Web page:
• The bill is based on a controversial federal program currently under scrutiny from the U.S. Congress. Since its creation in 1992 as a well-intentioned public-private partnership to deliver prescription drugs to moderate-income patients, 340B has become increasingly controversial amid allegations that providers are “gaming” its structure to earn revenues and distribute medications well outside the communities the program was supposed to serve. Last year, NTU favorably commented on legislation before a subcommittee of the U.S. House Energy and Commerce Committee that would “step in and place guardrails on 340B and its future growth.”[4] Among the major changes contemplated then – and now – by Congress are codifying the definition of a 340B beneficiary to mean an uninsured, low-income individual, ensuring that facilities utilizing 340B savings are audited for compliance with the law, and re-visiting automatic eligibility of disproportionate share hospitals for 340B benefits.[5] Given the potential for Congressional consideration of these and other structural reforms to 340B, SB 27 could be establishing its regulatory foundation on a house of cards.
  • The bill could put Kentucky in a precarious legal position. To the first point above, similar bills enacted by other states are, indeed, untested in the policy world. Two pieces of legislation in Arkansas and Louisiana bearing a major resemblance to SB 27 are currently under rigorous legal challenges. In the case of Arkansas, the U.S. Court of Appeals for the Eighth Circuit is weighing whether or not a state can utilize police powers to interpret and enforce the federal 340B statute, while with the Louisiana case, the U.S. District Court for the Western District of Louisiana is pondering the fate of a similar law enacted by that state’s Legislature. Other litigation has been ongoing.[6] These cases do not turn on minor technicalities. Rather, they involve the most fundamental questions of how states may conduct their own approaches to what qualifies as a 340B entity and whether manufacturers can be forced to recognize such approaches. In fact, these legal controversies could, over 2024 and even into 2025, find their way onto the U.S. Supreme Court docket, depending on how the circuits rule. At the same time, 340B recipient hospitals have launched litigation against the federal Health Resources and Services Administration for promulgating post-pandemic guidance intended to enhance program integrity.[7] Knowing all of this, lawmakers should, to the greatest extent possible, avoid putting Kentucky’s taxpayers on the hook for defending a bill whose legal and constitutional pedigree is currently in flux.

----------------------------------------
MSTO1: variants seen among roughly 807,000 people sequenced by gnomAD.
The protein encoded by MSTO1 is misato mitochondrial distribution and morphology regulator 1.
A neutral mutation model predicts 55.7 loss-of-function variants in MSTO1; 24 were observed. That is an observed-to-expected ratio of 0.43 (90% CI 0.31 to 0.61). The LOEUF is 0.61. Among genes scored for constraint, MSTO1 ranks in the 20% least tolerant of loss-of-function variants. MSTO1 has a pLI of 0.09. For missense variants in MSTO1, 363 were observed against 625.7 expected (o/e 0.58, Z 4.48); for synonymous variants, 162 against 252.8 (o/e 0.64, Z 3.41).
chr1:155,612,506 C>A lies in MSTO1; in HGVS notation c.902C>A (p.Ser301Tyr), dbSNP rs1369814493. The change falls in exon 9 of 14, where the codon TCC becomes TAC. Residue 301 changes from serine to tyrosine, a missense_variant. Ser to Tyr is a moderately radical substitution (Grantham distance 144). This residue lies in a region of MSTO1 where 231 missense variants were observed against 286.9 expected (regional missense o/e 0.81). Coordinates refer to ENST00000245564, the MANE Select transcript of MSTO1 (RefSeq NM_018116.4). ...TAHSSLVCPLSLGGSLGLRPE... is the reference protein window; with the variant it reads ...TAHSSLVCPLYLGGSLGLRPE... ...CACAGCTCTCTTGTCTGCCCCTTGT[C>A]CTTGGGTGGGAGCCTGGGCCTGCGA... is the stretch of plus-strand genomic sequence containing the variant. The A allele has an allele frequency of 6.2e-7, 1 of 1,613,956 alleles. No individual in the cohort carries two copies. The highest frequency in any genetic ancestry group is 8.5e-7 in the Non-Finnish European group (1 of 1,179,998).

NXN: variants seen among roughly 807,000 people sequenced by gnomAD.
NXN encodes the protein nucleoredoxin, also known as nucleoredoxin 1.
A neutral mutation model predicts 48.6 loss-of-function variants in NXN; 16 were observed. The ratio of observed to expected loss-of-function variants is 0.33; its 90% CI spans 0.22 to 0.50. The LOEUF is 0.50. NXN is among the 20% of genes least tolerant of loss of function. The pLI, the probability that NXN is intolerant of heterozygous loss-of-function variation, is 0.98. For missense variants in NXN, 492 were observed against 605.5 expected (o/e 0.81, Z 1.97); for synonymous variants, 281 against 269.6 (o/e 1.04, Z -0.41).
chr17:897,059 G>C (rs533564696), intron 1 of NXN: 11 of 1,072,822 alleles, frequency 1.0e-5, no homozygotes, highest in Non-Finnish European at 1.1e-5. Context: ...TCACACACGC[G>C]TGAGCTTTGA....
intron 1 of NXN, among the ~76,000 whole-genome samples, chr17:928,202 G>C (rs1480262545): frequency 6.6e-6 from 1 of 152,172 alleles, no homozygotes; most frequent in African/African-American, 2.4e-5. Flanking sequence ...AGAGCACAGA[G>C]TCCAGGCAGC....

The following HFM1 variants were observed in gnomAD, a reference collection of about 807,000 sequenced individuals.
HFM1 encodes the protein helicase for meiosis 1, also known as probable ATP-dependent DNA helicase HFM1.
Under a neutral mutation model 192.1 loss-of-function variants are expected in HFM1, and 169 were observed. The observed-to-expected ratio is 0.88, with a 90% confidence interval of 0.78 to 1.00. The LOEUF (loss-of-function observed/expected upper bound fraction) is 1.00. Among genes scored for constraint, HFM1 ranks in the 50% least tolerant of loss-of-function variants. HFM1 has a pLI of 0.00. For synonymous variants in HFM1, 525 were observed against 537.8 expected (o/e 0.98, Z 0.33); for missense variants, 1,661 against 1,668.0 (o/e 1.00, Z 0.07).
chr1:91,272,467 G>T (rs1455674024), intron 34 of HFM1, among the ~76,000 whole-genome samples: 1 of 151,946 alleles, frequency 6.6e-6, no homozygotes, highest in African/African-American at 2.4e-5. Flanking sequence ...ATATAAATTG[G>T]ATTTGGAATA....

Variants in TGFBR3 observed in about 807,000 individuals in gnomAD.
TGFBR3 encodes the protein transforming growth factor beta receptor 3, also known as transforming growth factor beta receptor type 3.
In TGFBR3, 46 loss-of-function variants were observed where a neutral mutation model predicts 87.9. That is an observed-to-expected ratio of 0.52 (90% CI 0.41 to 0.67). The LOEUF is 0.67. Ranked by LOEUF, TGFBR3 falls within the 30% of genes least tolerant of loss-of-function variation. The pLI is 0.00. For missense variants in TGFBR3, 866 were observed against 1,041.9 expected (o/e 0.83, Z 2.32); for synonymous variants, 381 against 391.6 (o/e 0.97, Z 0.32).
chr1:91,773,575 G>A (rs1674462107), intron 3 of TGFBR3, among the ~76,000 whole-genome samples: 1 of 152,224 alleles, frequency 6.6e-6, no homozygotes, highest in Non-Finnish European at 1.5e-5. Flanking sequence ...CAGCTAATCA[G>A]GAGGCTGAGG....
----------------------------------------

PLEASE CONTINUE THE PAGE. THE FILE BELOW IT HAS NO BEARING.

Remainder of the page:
NTU strongly supports measures at the state and federal level that would bring transparency to the operations of 340B pharmacies and PBMs acting as 340B entities in taxpayer-funded health care programs. For example, some states have commendably offered legislation to establish performance and cost-reporting metrics for hospitals and other 340B participants. Here again, however, policymakers must avoid the temptation to hastily overcorrect current law by proposing significantly higher fees on 340B entities or micromanaging PBMs’ negotiations with non-340B entities.

For all these reasons, especially given the prospect of courts striking down the particular policy approach contemplated in SB 27, we respectfully believe that the Committee’s time and expenditure of tax dollars is better spent focusing on legislation that more effectively reduces the financial burdens on the citizens of your state. Furthermore, we encourage you to prioritize policies that ensure savings from government programs like 340B intended to help those in need are realized by the intended recipients.

Accordingly, NTU urges you to table SB 27. Should you have any questions or require any additional information, NTU is at your service. Thank you for your consideration.


DiagramDescription automatically generated

Pete Sepp


(703) 683-5700



[6] See, for example, Pharmaceutical Research & Manufacturers of America v. McClain, et al., Case No. 4:21-CV-864-BRW (E.D. Ark. 12/12/22) and Pharmaceutical Research & Manufacturers of America v. Landry, 6:23-cv-00997, (W.D. La.).